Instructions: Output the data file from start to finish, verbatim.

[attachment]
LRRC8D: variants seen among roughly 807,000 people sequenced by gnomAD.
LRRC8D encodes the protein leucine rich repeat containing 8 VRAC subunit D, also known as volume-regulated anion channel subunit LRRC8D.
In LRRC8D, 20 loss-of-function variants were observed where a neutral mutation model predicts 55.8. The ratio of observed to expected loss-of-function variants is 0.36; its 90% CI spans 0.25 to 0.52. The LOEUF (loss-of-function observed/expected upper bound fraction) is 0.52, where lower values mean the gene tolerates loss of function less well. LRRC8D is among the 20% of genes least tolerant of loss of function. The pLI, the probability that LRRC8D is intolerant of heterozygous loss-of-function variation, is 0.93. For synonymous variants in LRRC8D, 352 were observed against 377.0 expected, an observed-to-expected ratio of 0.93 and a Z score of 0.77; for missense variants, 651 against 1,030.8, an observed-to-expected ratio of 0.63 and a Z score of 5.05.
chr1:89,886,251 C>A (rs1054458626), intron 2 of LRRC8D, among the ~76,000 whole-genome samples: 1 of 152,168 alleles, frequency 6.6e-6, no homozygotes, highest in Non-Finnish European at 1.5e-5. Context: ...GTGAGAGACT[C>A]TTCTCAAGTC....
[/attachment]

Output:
LRRC8D: variants seen among roughly 807,000 people sequenced by gnomAD.
LRRC8D encodes the protein leucine rich repeat containing 8 VRAC subunit D, also known as volume-regulated anion channel subunit LRRC8D.
In LRRC8D, 20 loss-of-function variants were observed where a neutral mutation model predicts 55.8. The ratio of observed to expected loss-of-function variants is 0.36; its 90% CI spans 0.25 to 0.52. The LOEUF (loss-of-function observed/expected upper bound fraction) is 0.52, where lower values mean the gene tolerates loss of function less well. LRRC8D is among the 20% of genes least tolerant of loss of function. The pLI, the probability that LRRC8D is intolerant of heterozygous loss-of-function variation, is 0.93. For synonymous variants in LRRC8D, 352 were observed against 377.0 expected, an observed-to-expected ratio of 0.93 and a Z score of 0.77; for missense variants, 651 against 1,030.8, an observed-to-expected ratio of 0.63 and a Z score of 5.05.
chr1:89,886,251 C>A (rs1054458626), intron 2 of LRRC8D, among the ~76,000 whole-genome samples: 1 of 152,168 alleles, frequency 6.6e-6, no homozygotes, highest in Non-Finnish European at 1.5e-5. Context: ...GTGAGAGACT[C>A]TTCTCAAGTC....